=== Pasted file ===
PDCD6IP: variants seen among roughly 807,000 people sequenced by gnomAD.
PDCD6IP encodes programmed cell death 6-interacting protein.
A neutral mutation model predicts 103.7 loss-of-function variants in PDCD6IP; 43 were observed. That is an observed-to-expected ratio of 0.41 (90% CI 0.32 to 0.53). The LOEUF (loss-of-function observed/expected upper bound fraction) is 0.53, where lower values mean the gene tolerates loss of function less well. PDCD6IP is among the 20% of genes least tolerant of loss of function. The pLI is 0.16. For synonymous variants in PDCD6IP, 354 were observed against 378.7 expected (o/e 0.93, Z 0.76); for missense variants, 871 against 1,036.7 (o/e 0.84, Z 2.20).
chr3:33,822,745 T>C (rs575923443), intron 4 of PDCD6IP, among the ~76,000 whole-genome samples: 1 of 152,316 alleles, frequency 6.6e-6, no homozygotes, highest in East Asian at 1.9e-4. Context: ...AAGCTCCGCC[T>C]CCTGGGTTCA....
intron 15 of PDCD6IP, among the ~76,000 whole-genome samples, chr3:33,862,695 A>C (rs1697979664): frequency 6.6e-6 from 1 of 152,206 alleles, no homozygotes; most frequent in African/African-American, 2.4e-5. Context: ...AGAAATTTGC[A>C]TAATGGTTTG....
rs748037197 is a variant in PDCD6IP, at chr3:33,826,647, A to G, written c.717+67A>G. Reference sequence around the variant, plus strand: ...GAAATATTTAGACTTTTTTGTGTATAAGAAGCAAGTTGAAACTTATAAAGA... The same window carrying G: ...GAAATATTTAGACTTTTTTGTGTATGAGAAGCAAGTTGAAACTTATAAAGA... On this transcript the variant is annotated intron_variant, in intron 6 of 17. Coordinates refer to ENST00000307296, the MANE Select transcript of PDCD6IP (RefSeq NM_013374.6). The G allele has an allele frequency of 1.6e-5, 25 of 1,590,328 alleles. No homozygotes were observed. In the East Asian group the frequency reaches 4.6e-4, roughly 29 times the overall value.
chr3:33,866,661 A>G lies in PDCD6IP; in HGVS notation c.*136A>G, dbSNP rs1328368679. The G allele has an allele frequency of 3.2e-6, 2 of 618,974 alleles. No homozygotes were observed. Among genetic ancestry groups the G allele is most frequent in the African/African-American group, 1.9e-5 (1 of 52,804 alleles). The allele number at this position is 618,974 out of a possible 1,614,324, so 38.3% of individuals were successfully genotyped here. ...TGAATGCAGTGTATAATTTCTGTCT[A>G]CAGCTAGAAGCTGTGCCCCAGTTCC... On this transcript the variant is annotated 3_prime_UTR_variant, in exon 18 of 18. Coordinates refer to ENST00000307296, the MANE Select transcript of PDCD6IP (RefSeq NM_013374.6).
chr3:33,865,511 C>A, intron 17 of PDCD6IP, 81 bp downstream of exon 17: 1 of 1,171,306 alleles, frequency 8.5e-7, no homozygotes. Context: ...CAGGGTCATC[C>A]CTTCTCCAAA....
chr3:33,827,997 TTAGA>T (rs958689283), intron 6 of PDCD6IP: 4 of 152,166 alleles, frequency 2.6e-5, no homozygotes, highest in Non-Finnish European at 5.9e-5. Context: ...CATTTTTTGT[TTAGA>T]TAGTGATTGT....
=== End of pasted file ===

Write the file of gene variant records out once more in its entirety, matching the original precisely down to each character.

PDCD6IP: variants seen among roughly 807,000 people sequenced by gnomAD.
PDCD6IP encodes programmed cell death 6-interacting protein.
A neutral mutation model predicts 103.7 loss-of-function variants in PDCD6IP; 43 were observed. That is an observed-to-expected ratio of 0.41 (90% CI 0.32 to 0.53). The LOEUF (loss-of-function observed/expected upper bound fraction) is 0.53, where lower values mean the gene tolerates loss of function less well. PDCD6IP is among the 20% of genes least tolerant of loss of function. The pLI is 0.16. For synonymous variants in PDCD6IP, 354 were observed against 378.7 expected (o/e 0.93, Z 0.76); for missense variants, 871 against 1,036.7 (o/e 0.84, Z 2.20).
chr3:33,822,745 T>C (rs575923443), intron 4 of PDCD6IP, among the ~76,000 whole-genome samples: 1 of 152,316 alleles, frequency 6.6e-6, no homozygotes, highest in East Asian at 1.9e-4. Context: ...AAGCTCCGCC[T>C]CCTGGGTTCA....
intron 15 of PDCD6IP, among the ~76,000 whole-genome samples, chr3:33,862,695 A>C (rs1697979664): frequency 6.6e-6 from 1 of 152,206 alleles, no homozygotes; most frequent in African/African-American, 2.4e-5. Context: ...AGAAATTTGC[A>C]TAATGGTTTG....
rs748037197 is a variant in PDCD6IP, at chr3:33,826,647, A to G, written c.717+67A>G. Reference sequence around the variant, plus strand: ...GAAATATTTAGACTTTTTTGTGTATAAGAAGCAAGTTGAAACTTATAAAGA... The same window carrying G: ...GAAATATTTAGACTTTTTTGTGTATGAGAAGCAAGTTGAAACTTATAAAGA... On this transcript the variant is annotated intron_variant, in intron 6 of 17. Coordinates refer to ENST00000307296, the MANE Select transcript of PDCD6IP (RefSeq NM_013374.6). The G allele has an allele frequency of 1.6e-5, 25 of 1,590,328 alleles. No homozygotes were observed. In the East Asian group the frequency reaches 4.6e-4, roughly 29 times the overall value.
chr3:33,866,661 A>G lies in PDCD6IP; in HGVS notation c.*136A>G, dbSNP rs1328368679. The G allele has an allele frequency of 3.2e-6, 2 of 618,974 alleles. No homozygotes were observed. Among genetic ancestry groups the G allele is most frequent in the African/African-American group, 1.9e-5 (1 of 52,804 alleles). The allele number at this position is 618,974 out of a possible 1,614,324, so 38.3% of individuals were successfully genotyped here. ...TGAATGCAGTGTATAATTTCTGTCT[A>G]CAGCTAGAAGCTGTGCCCCAGTTCC... On this transcript the variant is annotated 3_prime_UTR_variant, in exon 18 of 18. Coordinates refer to ENST00000307296, the MANE Select transcript of PDCD6IP (RefSeq NM_013374.6).
chr3:33,865,511 C>A, intron 17 of PDCD6IP, 81 bp downstream of exon 17: 1 of 1,171,306 alleles, frequency 8.5e-7, no homozygotes. Context: ...CAGGGTCATC[C>A]CTTCTCCAAA....
chr3:33,827,997 TTAGA>T (rs958689283), intron 6 of PDCD6IP: 4 of 152,166 alleles, frequency 2.6e-5, no homozygotes, highest in Non-Finnish European at 5.9e-5. Context: ...CATTTTTTGT[TTAGA>T]TAGTGATTGT....